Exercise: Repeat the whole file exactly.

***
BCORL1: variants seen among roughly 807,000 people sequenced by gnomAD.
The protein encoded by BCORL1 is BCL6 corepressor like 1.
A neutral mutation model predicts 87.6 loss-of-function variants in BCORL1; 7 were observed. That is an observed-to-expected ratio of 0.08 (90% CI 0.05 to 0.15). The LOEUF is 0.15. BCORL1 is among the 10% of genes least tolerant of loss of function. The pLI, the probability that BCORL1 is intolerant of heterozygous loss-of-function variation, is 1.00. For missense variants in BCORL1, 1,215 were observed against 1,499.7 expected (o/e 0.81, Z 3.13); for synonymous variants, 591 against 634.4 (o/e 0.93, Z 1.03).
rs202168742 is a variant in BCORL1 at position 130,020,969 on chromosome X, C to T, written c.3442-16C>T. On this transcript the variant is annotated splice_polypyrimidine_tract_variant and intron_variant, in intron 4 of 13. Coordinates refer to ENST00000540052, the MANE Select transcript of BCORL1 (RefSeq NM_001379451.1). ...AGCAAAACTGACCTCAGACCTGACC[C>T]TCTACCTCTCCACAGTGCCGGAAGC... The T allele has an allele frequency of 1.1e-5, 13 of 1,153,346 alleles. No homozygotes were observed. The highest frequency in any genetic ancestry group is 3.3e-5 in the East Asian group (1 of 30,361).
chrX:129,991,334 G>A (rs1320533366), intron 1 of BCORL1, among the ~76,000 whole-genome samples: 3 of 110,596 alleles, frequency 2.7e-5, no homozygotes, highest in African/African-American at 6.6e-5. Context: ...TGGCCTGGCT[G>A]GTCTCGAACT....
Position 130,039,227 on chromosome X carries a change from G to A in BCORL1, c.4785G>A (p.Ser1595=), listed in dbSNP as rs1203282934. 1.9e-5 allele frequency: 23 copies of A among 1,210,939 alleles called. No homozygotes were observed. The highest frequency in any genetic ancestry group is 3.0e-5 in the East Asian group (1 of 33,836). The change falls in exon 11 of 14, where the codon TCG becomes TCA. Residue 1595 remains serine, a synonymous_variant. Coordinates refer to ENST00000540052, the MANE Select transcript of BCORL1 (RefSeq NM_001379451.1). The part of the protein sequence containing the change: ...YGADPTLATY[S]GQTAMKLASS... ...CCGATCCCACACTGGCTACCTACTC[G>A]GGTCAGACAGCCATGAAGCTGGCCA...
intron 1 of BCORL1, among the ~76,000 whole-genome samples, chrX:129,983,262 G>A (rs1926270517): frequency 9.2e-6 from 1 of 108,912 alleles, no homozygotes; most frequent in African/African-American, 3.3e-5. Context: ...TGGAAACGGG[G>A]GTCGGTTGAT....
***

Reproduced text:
BCORL1: variants seen among roughly 807,000 people sequenced by gnomAD.
The protein encoded by BCORL1 is BCL6 corepressor like 1.
A neutral mutation model predicts 87.6 loss-of-function variants in BCORL1; 7 were observed. That is an observed-to-expected ratio of 0.08 (90% CI 0.05 to 0.15). The LOEUF is 0.15. BCORL1 is among the 10% of genes least tolerant of loss of function. The pLI, the probability that BCORL1 is intolerant of heterozygous loss-of-function variation, is 1.00. For missense variants in BCORL1, 1,215 were observed against 1,499.7 expected (o/e 0.81, Z 3.13); for synonymous variants, 591 against 634.4 (o/e 0.93, Z 1.03).
rs202168742 is a variant in BCORL1 at position 130,020,969 on chromosome X, C to T, written c.3442-16C>T. On this transcript the variant is annotated splice_polypyrimidine_tract_variant and intron_variant, in intron 4 of 13. Coordinates refer to ENST00000540052, the MANE Select transcript of BCORL1 (RefSeq NM_001379451.1). ...AGCAAAACTGACCTCAGACCTGACC[C>T]TCTACCTCTCCACAGTGCCGGAAGC... The T allele has an allele frequency of 1.1e-5, 13 of 1,153,346 alleles. No homozygotes were observed. The highest frequency in any genetic ancestry group is 3.3e-5 in the East Asian group (1 of 30,361).
chrX:129,991,334 G>A (rs1320533366), intron 1 of BCORL1, among the ~76,000 whole-genome samples: 3 of 110,596 alleles, frequency 2.7e-5, no homozygotes, highest in African/African-American at 6.6e-5. Context: ...TGGCCTGGCT[G>A]GTCTCGAACT....
Position 130,039,227 on chromosome X carries a change from G to A in BCORL1, c.4785G>A (p.Ser1595=), listed in dbSNP as rs1203282934. 1.9e-5 allele frequency: 23 copies of A among 1,210,939 alleles called. No homozygotes were observed. The highest frequency in any genetic ancestry group is 3.0e-5 in the East Asian group (1 of 33,836). The change falls in exon 11 of 14, where the codon TCG becomes TCA. Residue 1595 remains serine, a synonymous_variant. Coordinates refer to ENST00000540052, the MANE Select transcript of BCORL1 (RefSeq NM_001379451.1). The part of the protein sequence containing the change: ...YGADPTLATY[S]GQTAMKLASS... ...CCGATCCCACACTGGCTACCTACTC[G>A]GGTCAGACAGCCATGAAGCTGGCCA...
intron 1 of BCORL1, among the ~76,000 whole-genome samples, chrX:129,983,262 G>A (rs1926270517): frequency 9.2e-6 from 1 of 108,912 alleles, no homozygotes; most frequent in African/African-American, 3.3e-5. Context: ...TGGAAACGGG[G>A]GTCGGTTGAT....